A false colour satellite image of the Kangerlussuaq area, including the settlement and glacial river flowing into it, along with Russell Glacier and its ice-marginal lake
Records of jökulhlaups from Russell Glacier have been dated back to at least the 1940s through aerial photographs, downstream discharge and sediment records, time-lapse cameras, and direct observations. Jökulhlaups occurred at Russell Glacier every two or three years up until 1987, following which there was a long dormant period of 20 years where no jökulhlaups were recorded.
In 2007, the largest jökulhlaup on record at Russell Glacier occurred where approximately 39.1 million m3 of water was released over the course of 17 hours. This equates to over 15,000 Olympic swimming pools, with outflow discharge averaging at around a quarter of an Olympic swimming pool per second. Since 2007, jökulhlaups have been occurring at Russell Glacier nearly on a near-annual basis, usually in the summer season between June and September.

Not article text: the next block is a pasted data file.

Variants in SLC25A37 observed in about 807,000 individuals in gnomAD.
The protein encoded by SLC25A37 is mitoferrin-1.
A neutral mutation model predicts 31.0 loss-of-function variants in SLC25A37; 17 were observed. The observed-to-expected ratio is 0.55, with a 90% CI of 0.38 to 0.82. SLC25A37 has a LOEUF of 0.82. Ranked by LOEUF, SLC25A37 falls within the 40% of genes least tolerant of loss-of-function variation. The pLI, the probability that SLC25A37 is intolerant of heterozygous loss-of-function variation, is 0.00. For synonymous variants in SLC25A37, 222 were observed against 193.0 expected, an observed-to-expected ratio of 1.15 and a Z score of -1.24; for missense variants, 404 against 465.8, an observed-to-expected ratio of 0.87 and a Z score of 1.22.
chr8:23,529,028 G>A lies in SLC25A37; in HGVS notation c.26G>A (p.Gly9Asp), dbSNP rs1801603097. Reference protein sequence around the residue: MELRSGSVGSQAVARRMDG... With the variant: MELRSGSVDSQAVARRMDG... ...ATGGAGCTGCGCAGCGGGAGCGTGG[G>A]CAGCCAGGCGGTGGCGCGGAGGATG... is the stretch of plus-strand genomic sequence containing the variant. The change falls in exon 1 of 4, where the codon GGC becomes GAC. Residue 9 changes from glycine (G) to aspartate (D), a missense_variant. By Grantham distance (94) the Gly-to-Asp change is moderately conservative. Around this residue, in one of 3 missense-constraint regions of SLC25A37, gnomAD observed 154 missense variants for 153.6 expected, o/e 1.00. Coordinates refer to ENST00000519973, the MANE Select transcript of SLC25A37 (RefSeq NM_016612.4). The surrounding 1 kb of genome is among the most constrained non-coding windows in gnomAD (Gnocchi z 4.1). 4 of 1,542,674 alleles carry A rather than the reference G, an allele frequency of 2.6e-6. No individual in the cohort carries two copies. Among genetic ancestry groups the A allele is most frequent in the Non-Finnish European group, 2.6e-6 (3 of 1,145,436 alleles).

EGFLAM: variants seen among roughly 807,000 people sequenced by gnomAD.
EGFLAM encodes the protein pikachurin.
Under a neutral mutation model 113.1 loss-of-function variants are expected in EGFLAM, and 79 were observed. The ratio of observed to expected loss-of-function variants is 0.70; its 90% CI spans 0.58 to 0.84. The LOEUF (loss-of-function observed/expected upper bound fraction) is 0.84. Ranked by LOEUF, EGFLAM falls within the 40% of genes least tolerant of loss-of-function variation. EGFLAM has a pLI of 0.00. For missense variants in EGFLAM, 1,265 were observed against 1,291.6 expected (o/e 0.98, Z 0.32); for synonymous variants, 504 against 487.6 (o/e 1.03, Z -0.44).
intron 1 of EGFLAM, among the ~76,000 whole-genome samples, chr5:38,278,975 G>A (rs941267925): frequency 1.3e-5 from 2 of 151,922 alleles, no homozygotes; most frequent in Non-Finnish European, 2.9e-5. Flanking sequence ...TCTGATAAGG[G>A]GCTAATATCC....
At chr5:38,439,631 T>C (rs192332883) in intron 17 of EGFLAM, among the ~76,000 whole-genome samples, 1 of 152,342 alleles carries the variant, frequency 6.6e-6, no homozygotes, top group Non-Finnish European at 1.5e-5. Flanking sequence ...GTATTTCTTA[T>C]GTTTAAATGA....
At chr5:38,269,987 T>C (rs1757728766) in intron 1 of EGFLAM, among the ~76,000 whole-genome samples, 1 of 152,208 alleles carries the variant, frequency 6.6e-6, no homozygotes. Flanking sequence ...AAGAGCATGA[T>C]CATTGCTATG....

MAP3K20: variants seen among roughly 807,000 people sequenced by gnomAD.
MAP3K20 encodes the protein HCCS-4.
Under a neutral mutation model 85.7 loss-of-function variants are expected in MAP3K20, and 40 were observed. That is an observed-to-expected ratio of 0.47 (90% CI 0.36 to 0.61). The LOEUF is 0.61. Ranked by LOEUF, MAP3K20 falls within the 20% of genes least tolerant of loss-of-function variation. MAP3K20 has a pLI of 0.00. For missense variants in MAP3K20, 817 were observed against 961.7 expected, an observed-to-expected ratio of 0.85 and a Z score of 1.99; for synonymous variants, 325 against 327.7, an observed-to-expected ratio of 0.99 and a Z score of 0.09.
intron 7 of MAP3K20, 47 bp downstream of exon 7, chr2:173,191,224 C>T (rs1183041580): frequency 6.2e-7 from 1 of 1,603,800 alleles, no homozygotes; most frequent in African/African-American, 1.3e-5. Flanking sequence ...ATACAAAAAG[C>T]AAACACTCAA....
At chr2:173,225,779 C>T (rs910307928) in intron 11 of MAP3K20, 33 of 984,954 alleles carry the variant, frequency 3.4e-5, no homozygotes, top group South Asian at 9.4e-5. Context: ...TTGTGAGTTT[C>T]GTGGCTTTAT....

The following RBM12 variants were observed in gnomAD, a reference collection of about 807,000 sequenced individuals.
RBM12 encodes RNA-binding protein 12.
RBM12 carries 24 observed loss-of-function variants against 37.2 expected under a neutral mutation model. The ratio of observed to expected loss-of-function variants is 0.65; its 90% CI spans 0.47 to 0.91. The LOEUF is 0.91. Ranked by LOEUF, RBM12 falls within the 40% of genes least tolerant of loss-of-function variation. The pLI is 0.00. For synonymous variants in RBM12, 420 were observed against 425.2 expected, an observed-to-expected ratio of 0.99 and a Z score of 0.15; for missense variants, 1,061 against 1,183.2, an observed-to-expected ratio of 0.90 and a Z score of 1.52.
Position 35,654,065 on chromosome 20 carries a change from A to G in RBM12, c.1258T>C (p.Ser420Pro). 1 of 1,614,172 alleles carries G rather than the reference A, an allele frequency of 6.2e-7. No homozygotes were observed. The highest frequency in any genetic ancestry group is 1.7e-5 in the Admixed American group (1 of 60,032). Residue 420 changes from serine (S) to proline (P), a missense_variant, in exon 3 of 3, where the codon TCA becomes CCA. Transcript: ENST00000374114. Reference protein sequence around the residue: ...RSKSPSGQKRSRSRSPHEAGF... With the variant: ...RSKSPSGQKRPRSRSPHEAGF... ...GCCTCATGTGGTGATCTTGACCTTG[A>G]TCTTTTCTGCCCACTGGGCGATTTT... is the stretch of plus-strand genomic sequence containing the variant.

A changing glacier
So, a key question that scientists have tried to answer is why did the frequency of jökulhlaups change at Russell Glacier? Theoretically, jökulhlaups cycles are shaped by the changing conditions of the glacier, such as glacier position and the thickness of the ice, which also alters the position and strength of the lake dam.
The 2019 partial drainage of Russell Glacier’s ice-marginal lake, captured from sequential false colour satellite images
Russell Glacier has been through various advance and retreat phases in its lifetime. A notable advance-retreat phase was a period of advance between 1987 and 1999, followed immediately by a recession of approximately 50 m and drastic ice thinning, with the ice surface lowering by around 10 m. The glacier’s advance coincided with the 20-year dormant phase in jökulhlaups, and it is likely that the following retreat phase triggered the new wave of jökulhlaups.
Scientists continue to study Russell Glacier and its ice-marginal lake to better understand its dynamics and how it will change in the future. It is hoped that by gaining further insight here, this will unlock the ways in which these processes operate at other glaciers, perhaps even on a global scale. There is a long way to go to reach this point, with several untapped avenues for scientists to explore. One of these includes the incorporation of Greenlandic knowledge and observations, as our understanding thus far has been based on few, if any, insights from locals which would be an incredibly valuable and powerful record if fully and properly utilised.